Racing: Dettori word perfect in Ascot Gold Cup audition

The Henry II Stakes is habitually referred to as a rehearsal for the Ascot Gold Cup and more than fulfilled that reputation at Esher yesterday.

The Henry II Stakes is habitually referred to as a rehearsal for the Ascot Gold Cup and more than fulfilled that reputation at Esher yesterday.

The result of the Group Two race itself is likely to have a significant impact on the centrepiece of the Royal meeting, as Papineau and Mr Dinos, the first two home yesterday, fill the same slot, albeit in reverse order, in the Gold Cup ante-post market.

This was one of the great rehearsals, though, because of the pure thespianism from the respective jockeys. Kieren Fallon conducted his tragic role out on the racecourse aboard Mr Dinos, just after Frankie Dettori moved gently across him in the closing stages.

The Irishman spun the wheels as if a ravine had just appeared in the ground. Mr Dinos was jackknifed into the centre of the course, yet recovered to be just a length and a half adrift at the line.

Fallon must have taken a persuasive tale into the stewards' room, but it was his misfortune that opposition counsel was someone who knows a little about drama. Dettori rarely emerges from the headmaster's office without a smile on the face and a decision in his favour.

So what was the defining evidence which won the day? "My horse was clear and probably thought he had won the race," Dettori said, "but, because he was in the middle of the track, he was automatically looking for company and he went to the right. It was nothing." Case closed.

The contest itself was also great theatre, as Papineau made his strike for home from fully three furlongs out. It was a surge which initially and fatally disturbed Mr Dinos, even though the five-year-old, the winner of both this race and the Gold Cup 12 months ago, was making minor inroads towards the finish. The next meeting in the Queen's acre is set up deliciously.

"Frankie was very happy with that. He said that the horse has a lot of class and, all being well, we will head towards the Gold Cup with him," Simon Crisford, the Godolphin racing manager, said. "The Gold Cup is a great race, a very famous race which Godolphin likes to compete in. We have been lucky in it before with some great stayers like Classic Cliche and Kayf Tara. This horse stacks up well with those two.

"We're delighted with the progress he has made. He has a lot of class and would be by far and away the best Gold Cup proposition we have this year."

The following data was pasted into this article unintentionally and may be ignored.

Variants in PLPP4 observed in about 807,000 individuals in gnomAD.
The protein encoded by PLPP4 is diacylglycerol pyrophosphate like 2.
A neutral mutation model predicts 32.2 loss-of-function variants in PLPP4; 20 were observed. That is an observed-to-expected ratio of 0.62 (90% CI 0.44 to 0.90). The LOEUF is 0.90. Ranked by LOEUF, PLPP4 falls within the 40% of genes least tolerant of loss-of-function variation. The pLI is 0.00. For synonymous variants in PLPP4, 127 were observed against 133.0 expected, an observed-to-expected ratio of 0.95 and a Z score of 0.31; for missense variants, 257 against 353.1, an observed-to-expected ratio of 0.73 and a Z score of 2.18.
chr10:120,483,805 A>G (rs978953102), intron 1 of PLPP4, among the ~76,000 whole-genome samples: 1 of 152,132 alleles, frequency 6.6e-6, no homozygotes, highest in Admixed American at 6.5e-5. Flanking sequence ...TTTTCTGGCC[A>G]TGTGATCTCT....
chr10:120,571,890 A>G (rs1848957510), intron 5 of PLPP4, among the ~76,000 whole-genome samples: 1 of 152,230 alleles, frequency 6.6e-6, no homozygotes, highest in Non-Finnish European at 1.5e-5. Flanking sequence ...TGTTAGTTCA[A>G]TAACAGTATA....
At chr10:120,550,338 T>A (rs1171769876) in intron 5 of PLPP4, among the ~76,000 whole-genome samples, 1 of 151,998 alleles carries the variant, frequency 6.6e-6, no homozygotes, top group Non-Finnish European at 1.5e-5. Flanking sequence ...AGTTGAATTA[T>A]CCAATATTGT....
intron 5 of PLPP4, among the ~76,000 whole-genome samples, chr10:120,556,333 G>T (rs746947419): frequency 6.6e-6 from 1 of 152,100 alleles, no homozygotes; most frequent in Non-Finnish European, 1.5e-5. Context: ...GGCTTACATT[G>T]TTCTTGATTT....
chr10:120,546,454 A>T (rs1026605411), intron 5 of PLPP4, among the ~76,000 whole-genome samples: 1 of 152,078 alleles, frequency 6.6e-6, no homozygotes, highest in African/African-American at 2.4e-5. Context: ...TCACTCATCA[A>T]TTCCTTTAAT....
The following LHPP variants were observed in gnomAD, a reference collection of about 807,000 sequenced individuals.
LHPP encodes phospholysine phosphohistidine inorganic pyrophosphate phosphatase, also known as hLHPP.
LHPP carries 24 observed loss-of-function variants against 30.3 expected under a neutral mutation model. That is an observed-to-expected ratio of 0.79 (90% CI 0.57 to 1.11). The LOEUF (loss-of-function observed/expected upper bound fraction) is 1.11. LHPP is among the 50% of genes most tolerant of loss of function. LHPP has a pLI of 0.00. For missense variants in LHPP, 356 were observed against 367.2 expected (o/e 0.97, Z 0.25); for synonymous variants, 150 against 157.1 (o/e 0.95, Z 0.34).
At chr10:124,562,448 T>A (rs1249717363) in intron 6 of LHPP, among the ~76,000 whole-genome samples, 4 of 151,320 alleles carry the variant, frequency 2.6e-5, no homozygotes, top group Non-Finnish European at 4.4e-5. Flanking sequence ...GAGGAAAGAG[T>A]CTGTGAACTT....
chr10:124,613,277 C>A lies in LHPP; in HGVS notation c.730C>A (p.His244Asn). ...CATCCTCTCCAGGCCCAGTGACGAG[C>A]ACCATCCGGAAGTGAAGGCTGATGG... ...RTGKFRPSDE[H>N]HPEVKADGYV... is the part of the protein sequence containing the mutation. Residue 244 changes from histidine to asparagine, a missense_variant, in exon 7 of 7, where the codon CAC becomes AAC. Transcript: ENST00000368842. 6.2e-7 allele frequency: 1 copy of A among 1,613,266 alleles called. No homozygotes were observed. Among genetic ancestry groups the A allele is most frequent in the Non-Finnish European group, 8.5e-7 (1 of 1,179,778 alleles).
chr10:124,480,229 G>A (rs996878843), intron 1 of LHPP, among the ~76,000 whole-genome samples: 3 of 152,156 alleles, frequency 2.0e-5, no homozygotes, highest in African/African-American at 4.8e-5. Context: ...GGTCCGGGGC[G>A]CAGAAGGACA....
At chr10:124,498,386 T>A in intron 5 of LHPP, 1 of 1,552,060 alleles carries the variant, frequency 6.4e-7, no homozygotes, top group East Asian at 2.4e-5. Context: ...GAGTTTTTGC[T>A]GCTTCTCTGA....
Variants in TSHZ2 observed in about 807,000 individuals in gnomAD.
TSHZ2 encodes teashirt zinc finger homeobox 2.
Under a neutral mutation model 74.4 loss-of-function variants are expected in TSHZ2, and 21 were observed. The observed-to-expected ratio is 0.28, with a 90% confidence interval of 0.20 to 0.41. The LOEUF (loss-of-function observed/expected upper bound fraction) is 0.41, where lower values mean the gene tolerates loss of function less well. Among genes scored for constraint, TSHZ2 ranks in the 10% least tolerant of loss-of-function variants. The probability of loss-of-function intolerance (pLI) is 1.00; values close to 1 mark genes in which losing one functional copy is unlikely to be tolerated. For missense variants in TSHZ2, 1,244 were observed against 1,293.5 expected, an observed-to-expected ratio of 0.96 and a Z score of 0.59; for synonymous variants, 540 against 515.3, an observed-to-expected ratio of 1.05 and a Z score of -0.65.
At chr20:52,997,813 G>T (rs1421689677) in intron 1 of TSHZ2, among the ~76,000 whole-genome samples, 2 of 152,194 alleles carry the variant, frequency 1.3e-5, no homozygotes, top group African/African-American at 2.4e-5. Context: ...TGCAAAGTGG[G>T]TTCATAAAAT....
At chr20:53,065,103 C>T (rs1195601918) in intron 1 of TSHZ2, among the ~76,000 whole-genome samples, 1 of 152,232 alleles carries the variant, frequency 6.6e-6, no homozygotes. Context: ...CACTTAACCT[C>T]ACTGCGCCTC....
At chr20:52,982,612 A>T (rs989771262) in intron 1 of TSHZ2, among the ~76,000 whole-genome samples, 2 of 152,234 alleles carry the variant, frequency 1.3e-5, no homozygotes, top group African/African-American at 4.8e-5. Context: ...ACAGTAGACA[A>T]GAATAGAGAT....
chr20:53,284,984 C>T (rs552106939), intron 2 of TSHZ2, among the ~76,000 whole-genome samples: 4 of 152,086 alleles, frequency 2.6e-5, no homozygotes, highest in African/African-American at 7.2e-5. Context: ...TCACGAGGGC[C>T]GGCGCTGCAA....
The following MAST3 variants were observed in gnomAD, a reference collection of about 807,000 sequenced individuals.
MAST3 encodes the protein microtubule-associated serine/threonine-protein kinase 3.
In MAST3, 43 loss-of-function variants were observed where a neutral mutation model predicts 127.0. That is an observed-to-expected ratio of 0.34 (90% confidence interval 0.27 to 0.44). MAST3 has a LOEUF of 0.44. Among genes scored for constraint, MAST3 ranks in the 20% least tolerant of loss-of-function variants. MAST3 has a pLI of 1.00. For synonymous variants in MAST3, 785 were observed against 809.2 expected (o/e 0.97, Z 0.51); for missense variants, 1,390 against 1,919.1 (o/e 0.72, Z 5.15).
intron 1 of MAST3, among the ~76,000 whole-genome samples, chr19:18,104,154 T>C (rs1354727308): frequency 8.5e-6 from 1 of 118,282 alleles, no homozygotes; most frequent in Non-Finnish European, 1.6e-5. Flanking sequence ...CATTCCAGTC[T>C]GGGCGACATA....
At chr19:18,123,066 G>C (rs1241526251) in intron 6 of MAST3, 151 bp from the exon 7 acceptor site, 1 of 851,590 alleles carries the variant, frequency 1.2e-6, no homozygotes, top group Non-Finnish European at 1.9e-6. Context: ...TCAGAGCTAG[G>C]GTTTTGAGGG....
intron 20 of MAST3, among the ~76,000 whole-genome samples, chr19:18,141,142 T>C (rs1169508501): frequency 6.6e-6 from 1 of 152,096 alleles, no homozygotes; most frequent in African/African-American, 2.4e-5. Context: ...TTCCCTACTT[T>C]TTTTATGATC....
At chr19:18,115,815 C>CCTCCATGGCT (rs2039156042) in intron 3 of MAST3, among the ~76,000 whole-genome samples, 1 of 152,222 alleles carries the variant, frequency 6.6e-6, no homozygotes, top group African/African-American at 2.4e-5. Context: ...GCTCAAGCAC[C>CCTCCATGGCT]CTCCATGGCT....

It was a sunny day elsewhere for Godolphin as Snow Ridge and Rule Of Law, their Derby horses, also came through light pieces of work on the Limekilns at Newmarket.

A total of 16 horses are on course for the Blue Riband at the five-day stage following the supplemented addition yesterday, at a cost of £75,000 each, of Gatwick and Hazyview. Both have it to do to recoup that speculation, as they are priced at around 40-1.

Gatwick, who is owned by a syndicate which includes the Manchester United manager, Sir Alex Ferguson, has yet to race beyond nine furlongs. However, he is clearly a progressive colt, having won the Silver Bowl at Haydock from a seemingly impossible position last time out.

Hazyview, owned in partnership by trainer Neville Callaghan and Tim Mohan, was a good winner at Newmarket on his latest outing, although he was beaten 10 lengths by Percussionist in the Lingfield Derby Trial on his previous start.

All the leading fancies stood their ground, including the long-time ante-post favourite Yeats, who will arrive at Epsom with an unblemished record of three wins from as many starts. His trainer, Aidan O'Brien, seeking a third success in four years following the exploits of Galileo and High Chaparral, could also saddle Moscow Ballet and Meath.

"Meath is still a possible. He is in the French Derby as well and it will be Wednesday, I would say, before we decide," O'Brien said. "If Meath did go to Epsom we would have the likes of Moscow Ballet still entered in France, but we will decide later in the week."

The going at Epsom Downs is currently good, good to firm in places, though some rain was expected overnight. Decisions about whether to water parts of the course will be taken after an inspection today. "It is on the fast side of good, approaching good to firm if anything," Andrew Cooper, the clerk of the course, said yesterday. "It doesn't sound as if we are going to get the rain we were forecast for this week.

"We may get a bit tonight - up to 5mm - but after that it looks as if it will remain fairly dry for the week. We will see what happens tonight and then take a view afterwards, but we haven't done any watering of any note since last Wednesday evening."

DERBY (Epsom, Saturday) Coral: 5-2 Yeats, 3-1 Snow Ridge, 100-30 North Light, 10-1 Salford City, Percussionist, American Post, 12-1 Rule Of Law, 14-1 Let The Lion Roar, 33-1 Meath, Elshadi, 40-1 Hazyview, Gatwick, 50-1 Pukka, 66-1 Moscow Ballet, 100-1 Massif Centrale, Coming Again. William Hill: 11-4 Yeats, Snow Ridge, 7-2 North Light, 9-1 American Post, 10-1 Salford City, 12-1 Percussionist, 14-1 Let The Lion Roar, 16-1 Rule Of Law, 33-1 Gatwick, Hazyview, Meath, 40-1 Elshadi, Pukka, 100-1 Moscow Ballet, 200-1 Coming Again, Massif Centrale.

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